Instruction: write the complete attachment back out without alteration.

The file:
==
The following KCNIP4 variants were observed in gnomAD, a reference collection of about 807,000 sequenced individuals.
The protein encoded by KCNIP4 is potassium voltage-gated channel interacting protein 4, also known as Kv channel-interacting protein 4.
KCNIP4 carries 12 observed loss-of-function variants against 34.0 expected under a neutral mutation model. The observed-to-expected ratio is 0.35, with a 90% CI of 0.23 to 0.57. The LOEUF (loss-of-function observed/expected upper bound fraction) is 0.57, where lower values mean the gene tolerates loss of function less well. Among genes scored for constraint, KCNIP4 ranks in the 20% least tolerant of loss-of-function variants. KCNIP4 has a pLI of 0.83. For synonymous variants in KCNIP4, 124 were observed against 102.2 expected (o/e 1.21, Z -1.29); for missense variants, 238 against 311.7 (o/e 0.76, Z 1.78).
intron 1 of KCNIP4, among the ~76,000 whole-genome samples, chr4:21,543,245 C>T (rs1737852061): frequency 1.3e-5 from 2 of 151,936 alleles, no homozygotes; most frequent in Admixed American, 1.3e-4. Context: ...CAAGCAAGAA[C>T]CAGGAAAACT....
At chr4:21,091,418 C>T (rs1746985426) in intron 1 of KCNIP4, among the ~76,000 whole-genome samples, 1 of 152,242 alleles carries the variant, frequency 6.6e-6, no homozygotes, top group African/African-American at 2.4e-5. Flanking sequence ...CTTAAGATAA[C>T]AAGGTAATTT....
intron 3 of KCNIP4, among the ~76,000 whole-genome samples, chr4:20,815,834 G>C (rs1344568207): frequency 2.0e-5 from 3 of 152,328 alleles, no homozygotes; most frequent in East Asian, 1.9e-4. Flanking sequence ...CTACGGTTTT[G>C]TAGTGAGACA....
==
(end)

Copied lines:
The following KCNIP4 variants were observed in gnomAD, a reference collection of about 807,000 sequenced individuals.
The protein encoded by KCNIP4 is potassium voltage-gated channel interacting protein 4, also known as Kv channel-interacting protein 4.
KCNIP4 carries 12 observed loss-of-function variants against 34.0 expected under a neutral mutation model. The observed-to-expected ratio is 0.35, with a 90% CI of 0.23 to 0.57. The LOEUF (loss-of-function observed/expected upper bound fraction) is 0.57, where lower values mean the gene tolerates loss of function less well. Among genes scored for constraint, KCNIP4 ranks in the 20% least tolerant of loss-of-function variants. KCNIP4 has a pLI of 0.83. For synonymous variants in KCNIP4, 124 were observed against 102.2 expected (o/e 1.21, Z -1.29); for missense variants, 238 against 311.7 (o/e 0.76, Z 1.78).
intron 1 of KCNIP4, among the ~76,000 whole-genome samples, chr4:21,543,245 C>T (rs1737852061): frequency 1.3e-5 from 2 of 151,936 alleles, no homozygotes; most frequent in Admixed American, 1.3e-4. Context: ...CAAGCAAGAA[C>T]CAGGAAAACT....
At chr4:21,091,418 C>T (rs1746985426) in intron 1 of KCNIP4, among the ~76,000 whole-genome samples, 1 of 152,242 alleles carries the variant, frequency 6.6e-6, no homozygotes, top group African/African-American at 2.4e-5. Flanking sequence ...CTTAAGATAA[C>T]AAGGTAATTT....
intron 3 of KCNIP4, among the ~76,000 whole-genome samples, chr4:20,815,834 G>C (rs1344568207): frequency 2.0e-5 from 3 of 152,328 alleles, no homozygotes; most frequent in East Asian, 1.9e-4. Flanking sequence ...CTACGGTTTT[G>C]TAGTGAGACA....